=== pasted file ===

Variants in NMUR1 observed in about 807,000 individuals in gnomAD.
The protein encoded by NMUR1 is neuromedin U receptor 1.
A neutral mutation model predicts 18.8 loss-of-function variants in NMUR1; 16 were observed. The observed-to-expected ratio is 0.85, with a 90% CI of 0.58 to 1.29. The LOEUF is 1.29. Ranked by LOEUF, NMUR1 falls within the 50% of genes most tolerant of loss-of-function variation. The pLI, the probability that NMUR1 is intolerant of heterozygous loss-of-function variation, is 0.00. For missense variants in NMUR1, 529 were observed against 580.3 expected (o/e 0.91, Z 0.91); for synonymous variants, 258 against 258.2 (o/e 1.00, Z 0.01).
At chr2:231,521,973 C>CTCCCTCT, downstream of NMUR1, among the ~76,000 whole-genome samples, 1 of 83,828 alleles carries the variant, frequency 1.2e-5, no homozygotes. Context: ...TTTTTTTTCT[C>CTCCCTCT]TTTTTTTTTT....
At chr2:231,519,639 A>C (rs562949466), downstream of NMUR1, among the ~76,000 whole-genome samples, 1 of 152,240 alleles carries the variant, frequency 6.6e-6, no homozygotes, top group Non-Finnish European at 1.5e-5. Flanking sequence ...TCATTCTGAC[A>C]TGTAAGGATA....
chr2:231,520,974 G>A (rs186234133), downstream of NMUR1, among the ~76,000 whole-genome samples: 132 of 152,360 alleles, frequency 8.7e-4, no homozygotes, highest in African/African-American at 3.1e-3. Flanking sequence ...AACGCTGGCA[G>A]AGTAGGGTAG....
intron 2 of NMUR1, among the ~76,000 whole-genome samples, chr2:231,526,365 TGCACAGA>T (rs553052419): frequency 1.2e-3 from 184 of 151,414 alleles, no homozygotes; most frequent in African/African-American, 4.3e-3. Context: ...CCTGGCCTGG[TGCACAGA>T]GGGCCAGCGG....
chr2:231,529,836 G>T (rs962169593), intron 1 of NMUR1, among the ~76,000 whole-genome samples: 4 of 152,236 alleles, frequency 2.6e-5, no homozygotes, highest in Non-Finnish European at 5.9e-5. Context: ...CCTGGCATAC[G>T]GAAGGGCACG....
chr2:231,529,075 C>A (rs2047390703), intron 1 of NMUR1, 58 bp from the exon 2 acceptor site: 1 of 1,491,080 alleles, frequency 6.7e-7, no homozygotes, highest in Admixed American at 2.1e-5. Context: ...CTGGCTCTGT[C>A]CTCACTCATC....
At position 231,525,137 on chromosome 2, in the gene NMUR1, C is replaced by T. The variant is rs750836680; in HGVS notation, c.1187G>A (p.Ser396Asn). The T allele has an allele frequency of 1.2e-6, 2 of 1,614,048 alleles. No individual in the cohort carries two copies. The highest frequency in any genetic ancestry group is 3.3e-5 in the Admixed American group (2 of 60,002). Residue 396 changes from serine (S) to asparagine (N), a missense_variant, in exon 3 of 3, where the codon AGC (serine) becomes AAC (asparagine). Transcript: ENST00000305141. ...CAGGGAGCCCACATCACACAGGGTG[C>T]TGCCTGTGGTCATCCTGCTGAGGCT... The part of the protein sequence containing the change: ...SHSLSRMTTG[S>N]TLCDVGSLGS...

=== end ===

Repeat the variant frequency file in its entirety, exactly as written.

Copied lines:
Variants in NMUR1 observed in about 807,000 individuals in gnomAD.
The protein encoded by NMUR1 is neuromedin U receptor 1.
A neutral mutation model predicts 18.8 loss-of-function variants in NMUR1; 16 were observed. The observed-to-expected ratio is 0.85, with a 90% CI of 0.58 to 1.29. The LOEUF is 1.29. Ranked by LOEUF, NMUR1 falls within the 50% of genes most tolerant of loss-of-function variation. The pLI, the probability that NMUR1 is intolerant of heterozygous loss-of-function variation, is 0.00. For missense variants in NMUR1, 529 were observed against 580.3 expected (o/e 0.91, Z 0.91); for synonymous variants, 258 against 258.2 (o/e 1.00, Z 0.01).
At chr2:231,521,973 C>CTCCCTCT, downstream of NMUR1, among the ~76,000 whole-genome samples, 1 of 83,828 alleles carries the variant, frequency 1.2e-5, no homozygotes. Context: ...TTTTTTTTCT[C>CTCCCTCT]TTTTTTTTTT....
At chr2:231,519,639 A>C (rs562949466), downstream of NMUR1, among the ~76,000 whole-genome samples, 1 of 152,240 alleles carries the variant, frequency 6.6e-6, no homozygotes, top group Non-Finnish European at 1.5e-5. Flanking sequence ...TCATTCTGAC[A>C]TGTAAGGATA....
chr2:231,520,974 G>A (rs186234133), downstream of NMUR1, among the ~76,000 whole-genome samples: 132 of 152,360 alleles, frequency 8.7e-4, no homozygotes, highest in African/African-American at 3.1e-3. Flanking sequence ...AACGCTGGCA[G>A]AGTAGGGTAG....
intron 2 of NMUR1, among the ~76,000 whole-genome samples, chr2:231,526,365 TGCACAGA>T (rs553052419): frequency 1.2e-3 from 184 of 151,414 alleles, no homozygotes; most frequent in African/African-American, 4.3e-3. Context: ...CCTGGCCTGG[TGCACAGA>T]GGGCCAGCGG....
chr2:231,529,836 G>T (rs962169593), intron 1 of NMUR1, among the ~76,000 whole-genome samples: 4 of 152,236 alleles, frequency 2.6e-5, no homozygotes, highest in Non-Finnish European at 5.9e-5. Context: ...CCTGGCATAC[G>T]GAAGGGCACG....
chr2:231,529,075 C>A (rs2047390703), intron 1 of NMUR1, 58 bp from the exon 2 acceptor site: 1 of 1,491,080 alleles, frequency 6.7e-7, no homozygotes, highest in Admixed American at 2.1e-5. Context: ...CTGGCTCTGT[C>A]CTCACTCATC....
At position 231,525,137 on chromosome 2, in the gene NMUR1, C is replaced by T. The variant is rs750836680; in HGVS notation, c.1187G>A (p.Ser396Asn). The T allele has an allele frequency of 1.2e-6, 2 of 1,614,048 alleles. No individual in the cohort carries two copies. The highest frequency in any genetic ancestry group is 3.3e-5 in the Admixed American group (2 of 60,002). Residue 396 changes from serine (S) to asparagine (N), a missense_variant, in exon 3 of 3, where the codon AGC (serine) becomes AAC (asparagine). Transcript: ENST00000305141. ...CAGGGAGCCCACATCACACAGGGTG[C>T]TGCCTGTGGTCATCCTGCTGAGGCT... The part of the protein sequence containing the change: ...SHSLSRMTTG[S>N]TLCDVGSLGS...